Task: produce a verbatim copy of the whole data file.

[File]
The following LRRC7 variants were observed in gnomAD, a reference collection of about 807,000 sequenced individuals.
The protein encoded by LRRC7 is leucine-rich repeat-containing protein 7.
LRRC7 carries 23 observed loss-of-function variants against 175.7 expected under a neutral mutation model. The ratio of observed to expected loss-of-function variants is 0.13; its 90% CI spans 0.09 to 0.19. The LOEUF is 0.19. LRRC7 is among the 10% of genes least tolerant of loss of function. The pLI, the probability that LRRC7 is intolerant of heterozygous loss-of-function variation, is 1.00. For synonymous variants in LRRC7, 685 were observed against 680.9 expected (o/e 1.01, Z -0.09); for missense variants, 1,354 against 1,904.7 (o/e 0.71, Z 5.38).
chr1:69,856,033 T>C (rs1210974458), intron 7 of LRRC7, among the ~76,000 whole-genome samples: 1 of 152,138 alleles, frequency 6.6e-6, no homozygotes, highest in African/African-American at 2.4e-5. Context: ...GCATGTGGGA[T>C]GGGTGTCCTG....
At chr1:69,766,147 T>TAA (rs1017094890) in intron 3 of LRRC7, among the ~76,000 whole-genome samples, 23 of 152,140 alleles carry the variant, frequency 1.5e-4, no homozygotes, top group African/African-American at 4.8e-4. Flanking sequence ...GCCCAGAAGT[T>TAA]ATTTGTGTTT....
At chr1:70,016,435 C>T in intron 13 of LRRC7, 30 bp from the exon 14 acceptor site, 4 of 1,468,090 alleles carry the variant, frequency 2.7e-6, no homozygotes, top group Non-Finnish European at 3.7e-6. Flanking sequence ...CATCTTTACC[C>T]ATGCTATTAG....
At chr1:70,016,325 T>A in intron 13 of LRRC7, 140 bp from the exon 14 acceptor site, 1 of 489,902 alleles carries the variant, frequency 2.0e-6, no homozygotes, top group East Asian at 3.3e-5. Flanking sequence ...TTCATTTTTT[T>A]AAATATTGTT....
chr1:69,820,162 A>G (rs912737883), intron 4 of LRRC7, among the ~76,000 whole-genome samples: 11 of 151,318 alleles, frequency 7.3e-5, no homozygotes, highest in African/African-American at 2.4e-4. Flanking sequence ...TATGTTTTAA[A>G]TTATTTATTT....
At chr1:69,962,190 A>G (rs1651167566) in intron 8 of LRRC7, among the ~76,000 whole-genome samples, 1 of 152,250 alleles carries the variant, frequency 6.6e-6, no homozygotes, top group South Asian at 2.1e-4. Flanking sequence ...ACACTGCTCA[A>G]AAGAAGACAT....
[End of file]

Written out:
The following LRRC7 variants were observed in gnomAD, a reference collection of about 807,000 sequenced individuals.
The protein encoded by LRRC7 is leucine-rich repeat-containing protein 7.
LRRC7 carries 23 observed loss-of-function variants against 175.7 expected under a neutral mutation model. The ratio of observed to expected loss-of-function variants is 0.13; its 90% CI spans 0.09 to 0.19. The LOEUF is 0.19. LRRC7 is among the 10% of genes least tolerant of loss of function. The pLI, the probability that LRRC7 is intolerant of heterozygous loss-of-function variation, is 1.00. For synonymous variants in LRRC7, 685 were observed against 680.9 expected (o/e 1.01, Z -0.09); for missense variants, 1,354 against 1,904.7 (o/e 0.71, Z 5.38).
chr1:69,856,033 T>C (rs1210974458), intron 7 of LRRC7, among the ~76,000 whole-genome samples: 1 of 152,138 alleles, frequency 6.6e-6, no homozygotes, highest in African/African-American at 2.4e-5. Context: ...GCATGTGGGA[T>C]GGGTGTCCTG....
At chr1:69,766,147 T>TAA (rs1017094890) in intron 3 of LRRC7, among the ~76,000 whole-genome samples, 23 of 152,140 alleles carry the variant, frequency 1.5e-4, no homozygotes, top group African/African-American at 4.8e-4. Flanking sequence ...GCCCAGAAGT[T>TAA]ATTTGTGTTT....
At chr1:70,016,435 C>T in intron 13 of LRRC7, 30 bp from the exon 14 acceptor site, 4 of 1,468,090 alleles carry the variant, frequency 2.7e-6, no homozygotes, top group Non-Finnish European at 3.7e-6. Flanking sequence ...CATCTTTACC[C>T]ATGCTATTAG....
At chr1:70,016,325 T>A in intron 13 of LRRC7, 140 bp from the exon 14 acceptor site, 1 of 489,902 alleles carries the variant, frequency 2.0e-6, no homozygotes, top group East Asian at 3.3e-5. Flanking sequence ...TTCATTTTTT[T>A]AAATATTGTT....
chr1:69,820,162 A>G (rs912737883), intron 4 of LRRC7, among the ~76,000 whole-genome samples: 11 of 151,318 alleles, frequency 7.3e-5, no homozygotes, highest in African/African-American at 2.4e-4. Flanking sequence ...TATGTTTTAA[A>G]TTATTTATTT....
At chr1:69,962,190 A>G (rs1651167566) in intron 8 of LRRC7, among the ~76,000 whole-genome samples, 1 of 152,250 alleles carries the variant, frequency 6.6e-6, no homozygotes, top group South Asian at 2.1e-4. Flanking sequence ...ACACTGCTCA[A>G]AAGAAGACAT....